Targeting the NLRP3 Inflammasome-Related Pathways via Tianeptine Treatment-Suppressed Microglia Polarization to the M1 Phenotype in Lipopolysaccharide-Stimulated Cultures
AbstractAn increasing body of evidence postulates that microglia are the main mediators of inflammation-related disorders, including depression. Since activated microglia produce a wide range of pro- and anti-inflammatory factors, the modulation of M1/M2 microglial polarization by antidepressants may be crucial in the treatment of depression. The current paper aimed to investigate the impact of tianeptine on the microglia’s viability/death parameters, and on M1/M2 microglial activation in response to lipopolysaccharide (LPS) stimulation. Furthermore, the molecular mechanisms via which tianeptine affected the LPS-evoked changes were investigated. The results revealed that tianeptine had partially protective effects on the changes in microglia viability/death evoked by LPS. Tianeptine attenuated microglia activation by decreasing the expression of cluster of differentiation 40 (CD40), and major histocompatibility complex class II (MHC II) markers, as well as the release of pro-inflammatory factors: interleukin (IL)-1β, IL-18, IL-6, tumor necrosis factor alpha (TNF-α), and chemokine CC motif ligand 2 (CCL2), and the production of nitric oxide and reactive oxygen species. In contrast, we did not observe an impact of tianeptine on M2 microglia measured by IL-4, IL-10, TGF-β, and insulin-like growth factor 1 (IGF-1) expression. Moreover, we demonstrated an inhibitory effect of tianeptine on the LPS-induced activation of the nucleotide-binding oligomerization domain-like (NOD-like) receptor pyrin-containing 3 inflammasome (NLRP3) inflammasome subunits, NLRP3 and caspase-1, as well as the ability of tianeptine to reduce Toll-like receptor 4 (TLR4) levels, as well as the phosphorylation of extracellular signal-related kinases 1 and 2 (ERK1/2) and of the nuclear factor kappa-light-chain-enhancer of activated B cells (NF-κB). Collectively, we demonstrated that tianeptine has protective properties and inhibits M1 polarization, thus attenuating the production of inflammatory mediators. Moreover, we found that M1 microglia suppression may be related to the NLRP3 inflammasome and TLR4 signaling. These findings suggest that a better understanding of the multifaceted mechanisms of tianeptine action on microglia may increase the effectiveness of therapy, where inflammation is a central hallmark. View Full-Text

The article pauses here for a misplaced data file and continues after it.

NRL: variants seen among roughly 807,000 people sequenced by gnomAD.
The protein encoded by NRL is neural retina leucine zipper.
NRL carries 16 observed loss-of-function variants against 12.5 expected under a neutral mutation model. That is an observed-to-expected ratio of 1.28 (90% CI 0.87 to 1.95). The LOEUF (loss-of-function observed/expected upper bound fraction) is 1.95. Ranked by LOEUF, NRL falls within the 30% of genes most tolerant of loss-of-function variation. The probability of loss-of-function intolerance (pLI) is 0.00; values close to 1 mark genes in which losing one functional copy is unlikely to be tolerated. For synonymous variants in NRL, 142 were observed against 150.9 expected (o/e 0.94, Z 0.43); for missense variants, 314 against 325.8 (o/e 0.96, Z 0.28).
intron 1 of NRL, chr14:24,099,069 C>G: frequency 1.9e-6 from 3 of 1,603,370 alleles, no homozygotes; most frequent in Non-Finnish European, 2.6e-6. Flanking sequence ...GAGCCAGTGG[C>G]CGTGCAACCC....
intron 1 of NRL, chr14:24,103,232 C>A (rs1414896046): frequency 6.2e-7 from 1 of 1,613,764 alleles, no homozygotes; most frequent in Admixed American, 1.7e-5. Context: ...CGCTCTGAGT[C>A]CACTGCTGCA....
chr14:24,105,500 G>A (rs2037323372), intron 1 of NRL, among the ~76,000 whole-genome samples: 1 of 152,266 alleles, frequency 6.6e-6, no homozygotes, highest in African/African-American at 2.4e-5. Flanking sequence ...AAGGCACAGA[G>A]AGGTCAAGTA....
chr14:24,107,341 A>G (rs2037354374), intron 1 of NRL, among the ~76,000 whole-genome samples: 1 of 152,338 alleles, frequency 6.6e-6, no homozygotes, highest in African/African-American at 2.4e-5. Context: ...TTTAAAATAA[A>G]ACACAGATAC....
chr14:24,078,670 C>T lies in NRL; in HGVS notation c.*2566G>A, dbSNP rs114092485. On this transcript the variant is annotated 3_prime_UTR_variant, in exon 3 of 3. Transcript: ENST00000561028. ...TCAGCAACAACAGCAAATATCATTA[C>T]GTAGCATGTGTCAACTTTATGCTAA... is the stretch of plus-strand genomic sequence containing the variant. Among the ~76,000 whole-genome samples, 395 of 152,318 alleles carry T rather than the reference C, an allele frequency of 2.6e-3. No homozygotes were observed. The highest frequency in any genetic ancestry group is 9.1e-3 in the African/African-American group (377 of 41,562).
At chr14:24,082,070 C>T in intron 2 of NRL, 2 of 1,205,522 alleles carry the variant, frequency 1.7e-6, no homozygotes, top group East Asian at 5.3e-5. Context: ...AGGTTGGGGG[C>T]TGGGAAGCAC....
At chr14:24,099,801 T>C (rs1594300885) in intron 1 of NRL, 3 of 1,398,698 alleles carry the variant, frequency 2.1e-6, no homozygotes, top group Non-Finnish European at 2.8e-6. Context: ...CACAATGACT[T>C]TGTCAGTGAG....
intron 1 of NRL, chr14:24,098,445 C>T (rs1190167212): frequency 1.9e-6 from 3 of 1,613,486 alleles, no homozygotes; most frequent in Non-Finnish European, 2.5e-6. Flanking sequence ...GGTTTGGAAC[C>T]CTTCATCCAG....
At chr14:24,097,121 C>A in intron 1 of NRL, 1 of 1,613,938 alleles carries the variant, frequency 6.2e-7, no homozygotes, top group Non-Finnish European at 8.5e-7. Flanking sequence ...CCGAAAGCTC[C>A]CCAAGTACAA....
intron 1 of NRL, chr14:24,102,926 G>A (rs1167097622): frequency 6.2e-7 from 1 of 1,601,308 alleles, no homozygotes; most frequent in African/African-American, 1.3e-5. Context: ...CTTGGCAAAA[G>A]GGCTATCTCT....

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Ślusarczyk, J.; Trojan, E.; Głombik, K.; Piotrowska, A.; Budziszewska, B.; Kubera, M.; Popiołek-Barczyk, K.; Lasoń, W.; Mika, J.; Basta-Kaim, A. Targeting the NLRP3 Inflammasome-Related Pathways via Tianeptine Treatment-Suppressed Microglia Polarization to the M1 Phenotype in Lipopolysaccharide-Stimulated Cultures. Int. J. Mol. Sci. 2018, 19, 1965.
Ślusarczyk J, Trojan E, Głombik K, Piotrowska A, Budziszewska B, Kubera M, Popiołek-Barczyk K, Lasoń W, Mika J, Basta-Kaim A. Targeting the NLRP3 Inflammasome-Related Pathways via Tianeptine Treatment-Suppressed Microglia Polarization to the M1 Phenotype in Lipopolysaccharide-Stimulated Cultures. International Journal of Molecular Sciences. 2018; 19(7):1965.Chicago/Turabian Style
Ślusarczyk, Joanna; Trojan, Ewa; Głombik, Katarzyna; Piotrowska, Anna; Budziszewska, Bogusława; Kubera, Marta; Popiołek-Barczyk, Katarzyna; Lasoń, Władysław; Mika, Joanna; Basta-Kaim, Agnieszka. 2018. "Targeting the NLRP3 Inflammasome-Related Pathways via Tianeptine Treatment-Suppressed Microglia Polarization to the M1 Phenotype in Lipopolysaccharide-Stimulated Cultures." Int. J. Mol. Sci. 19, no. 7: 1965.
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